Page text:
I've always wanted a good slow-motion camera but they're terrifyingly expensive. Until now.
Co-worker Ron Ritchie casually asked me if I had heard of the Edgertronic and their kickstarter campaign to make a slow-motion camera that was affordable. "Huh? No!" By that afternoon I had charged the initial downpayment of $1000 against my camera, which was delivered 4 weeks later.
(2000FPS@ISO100, Just to whet your appetite - download)
This camera says "labor of love" all over it. It arrived in its own Pelican case, with cut foam inserts, and everything you need except a tripod was included. This somewhat threw me since I had already sourced a Nikon F-mount F1.2 50mm lens, when I discovered that the camera includes a perfectly serviceable F1.8 50mm lens. But that's hardly bad news.
The camera itself is beautifully made and fitted. It's got a great hand-feel and reeks of high quality.
(Edgertronic camera in shipping case, Zyxel access point and battery separate)
There are a couple things that strike me: the documentation is on the web; there's no "quick start guide" or anything like that, really, though there's a paper insert that tells you a few things about what to do. It makes the camera seem a bit more intimidating than it actually is.
The U/I is very simple. There's a settings panel (not shown) that allows you to enter the frame rate, video duration, preload capture, ISO, etc. Then you're presented with a live view that you can use to compose your image. If you're using it tethered via a laptop with the (provided) Cat-5 cable, there's some slight annoying lag that means you have to move slowly while positioning the camera. When you start fiddling with the adjustments, it's fairly straightforward: if you set it so that it doesn't have enough light, you get blackness. It's pretty much "what you see is what you get" except that you have to take into account the inherent brightness in whatever device you're using to access it. I was using my iPad, which is set for maximum brightness and, outdoors in the sun, it's hard to tell what your final images will look like. I solved that problem by setting my camera up to work wirelessly, then I could just throw a dark cloth over my head and look at the iPad without extra light-bleed.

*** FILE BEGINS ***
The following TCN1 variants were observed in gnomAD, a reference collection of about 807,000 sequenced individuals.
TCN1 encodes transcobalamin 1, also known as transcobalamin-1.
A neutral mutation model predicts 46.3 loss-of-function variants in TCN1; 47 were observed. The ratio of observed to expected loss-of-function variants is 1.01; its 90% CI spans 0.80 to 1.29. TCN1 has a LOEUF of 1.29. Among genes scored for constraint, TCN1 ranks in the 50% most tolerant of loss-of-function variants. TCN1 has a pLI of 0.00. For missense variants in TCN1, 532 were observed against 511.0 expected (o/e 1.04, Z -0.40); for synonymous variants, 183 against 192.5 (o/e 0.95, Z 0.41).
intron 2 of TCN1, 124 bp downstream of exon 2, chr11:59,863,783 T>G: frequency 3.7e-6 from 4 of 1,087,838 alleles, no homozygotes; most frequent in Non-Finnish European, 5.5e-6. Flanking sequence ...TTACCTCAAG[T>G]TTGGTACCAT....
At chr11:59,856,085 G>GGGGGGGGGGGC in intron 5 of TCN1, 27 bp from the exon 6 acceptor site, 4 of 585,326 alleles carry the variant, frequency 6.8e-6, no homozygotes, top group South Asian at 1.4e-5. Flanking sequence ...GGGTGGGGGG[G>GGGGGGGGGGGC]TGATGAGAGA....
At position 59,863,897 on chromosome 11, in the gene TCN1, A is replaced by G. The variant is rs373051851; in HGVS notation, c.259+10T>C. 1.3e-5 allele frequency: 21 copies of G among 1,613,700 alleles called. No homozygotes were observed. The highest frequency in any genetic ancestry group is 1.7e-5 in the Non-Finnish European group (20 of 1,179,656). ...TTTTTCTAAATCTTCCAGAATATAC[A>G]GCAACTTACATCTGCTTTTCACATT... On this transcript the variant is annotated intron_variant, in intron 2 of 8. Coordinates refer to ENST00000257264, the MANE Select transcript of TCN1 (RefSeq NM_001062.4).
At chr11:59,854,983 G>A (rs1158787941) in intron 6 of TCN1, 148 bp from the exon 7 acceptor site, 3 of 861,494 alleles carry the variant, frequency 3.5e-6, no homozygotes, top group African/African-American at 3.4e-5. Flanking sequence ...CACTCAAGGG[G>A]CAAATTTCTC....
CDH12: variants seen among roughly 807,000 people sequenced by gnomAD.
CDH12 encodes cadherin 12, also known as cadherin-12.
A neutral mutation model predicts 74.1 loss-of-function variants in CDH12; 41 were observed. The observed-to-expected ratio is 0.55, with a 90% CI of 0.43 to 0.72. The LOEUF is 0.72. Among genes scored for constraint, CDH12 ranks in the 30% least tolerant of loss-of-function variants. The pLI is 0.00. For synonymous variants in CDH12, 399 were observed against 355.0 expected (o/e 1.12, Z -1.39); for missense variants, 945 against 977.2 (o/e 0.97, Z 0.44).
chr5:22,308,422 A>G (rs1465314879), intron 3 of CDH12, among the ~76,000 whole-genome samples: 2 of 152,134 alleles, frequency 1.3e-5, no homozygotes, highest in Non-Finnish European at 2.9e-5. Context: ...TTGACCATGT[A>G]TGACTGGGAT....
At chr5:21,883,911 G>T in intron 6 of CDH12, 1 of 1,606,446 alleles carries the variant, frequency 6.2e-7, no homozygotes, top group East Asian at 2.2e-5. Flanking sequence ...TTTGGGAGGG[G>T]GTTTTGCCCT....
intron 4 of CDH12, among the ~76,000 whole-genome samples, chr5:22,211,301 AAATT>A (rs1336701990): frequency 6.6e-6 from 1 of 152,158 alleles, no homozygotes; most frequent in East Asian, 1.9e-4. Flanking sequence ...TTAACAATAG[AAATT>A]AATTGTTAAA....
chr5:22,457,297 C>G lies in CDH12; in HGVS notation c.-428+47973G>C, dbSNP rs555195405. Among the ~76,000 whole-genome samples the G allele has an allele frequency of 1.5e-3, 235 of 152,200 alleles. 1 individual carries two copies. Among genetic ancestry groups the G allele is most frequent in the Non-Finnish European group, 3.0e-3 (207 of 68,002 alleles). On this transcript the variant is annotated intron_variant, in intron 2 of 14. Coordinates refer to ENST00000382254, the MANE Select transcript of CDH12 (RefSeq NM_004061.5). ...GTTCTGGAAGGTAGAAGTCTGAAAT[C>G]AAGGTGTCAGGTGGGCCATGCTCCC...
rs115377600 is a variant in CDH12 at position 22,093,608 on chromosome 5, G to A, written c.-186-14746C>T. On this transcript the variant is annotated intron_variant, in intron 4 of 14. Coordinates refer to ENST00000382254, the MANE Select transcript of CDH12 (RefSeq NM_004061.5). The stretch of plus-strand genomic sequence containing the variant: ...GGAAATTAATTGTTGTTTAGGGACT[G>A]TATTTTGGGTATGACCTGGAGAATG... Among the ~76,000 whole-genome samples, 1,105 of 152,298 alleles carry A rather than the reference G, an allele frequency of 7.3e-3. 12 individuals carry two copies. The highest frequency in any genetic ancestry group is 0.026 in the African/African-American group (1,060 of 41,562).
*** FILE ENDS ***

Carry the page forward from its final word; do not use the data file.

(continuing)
When you adjust the settings to different frame-rates, the camera's sample region will change as well. If you're a traditional photographer, that will drive you a bit batty because suddenly your lens' effective focal length has changed; now you're shooting close-ups or full-length images. You get used to it quickly, though.
I went from start-up to shooting videos I am happy with, in about an afternoon.
There were only a few things that I found a bit frustrating about the camera, none of which are Edgertronics' fault or problem. When you shoot a clip, the camera encodes it into a quicktime movie then saves it on the memory card. 1 second of video at 2000FPS takes about a minute to save, which is not too awful but I wish it was nearly instantaneous. If you then download it to view on your laptop or whatever, that's another minute or two. So you're not exactly shooting snapshots. Still, it's far from bad, and I chalk it up to the price constraints Edgertronic was under to produce such a fantastic camera at such a reasonable price. They could have made it faster by including MPEG compression silicon and an assload more RAM for an extra couple thousand dollars. But, seriously? Once you've gotten into the swing of working with the camera, you really won't notice it. I know that very fast MPEG encoding is possible because I own a Casio EX-F1, which somehow manages to do the MPEG compression on the fly, so that you can effortlessly record seemingly endless amounts of slow-motion video to its onboard SD card. I am guessing there's a silicon assist in there; Casio can afford to do their own ASICs. [ Michael Matter from Edgertronic comments: Regarding the Casio EX-F1 realtime encode. Our encoder is basically the same speed as theirs, but our pixel rates are ~17X greater than the Casio. At 336x96 1200 FPS, the Casio is capturing 38 Mpix/sec. There are many encoders, including ours, that can keep up with this data rate. At 1280x1024 493 FPS, we are capturing 646 Mpix/sec. There are no encoders that can keep up at this rate. None. All true high speed cameras work this way and it’s a reasonable trade-off to get the high frame rates and not need $100K+ of dedicated custom encode hardware. Besides, what if you were able to record 2 hours at 2000 FPS? The file would be 216GB and it would take 5.5 days to watch.]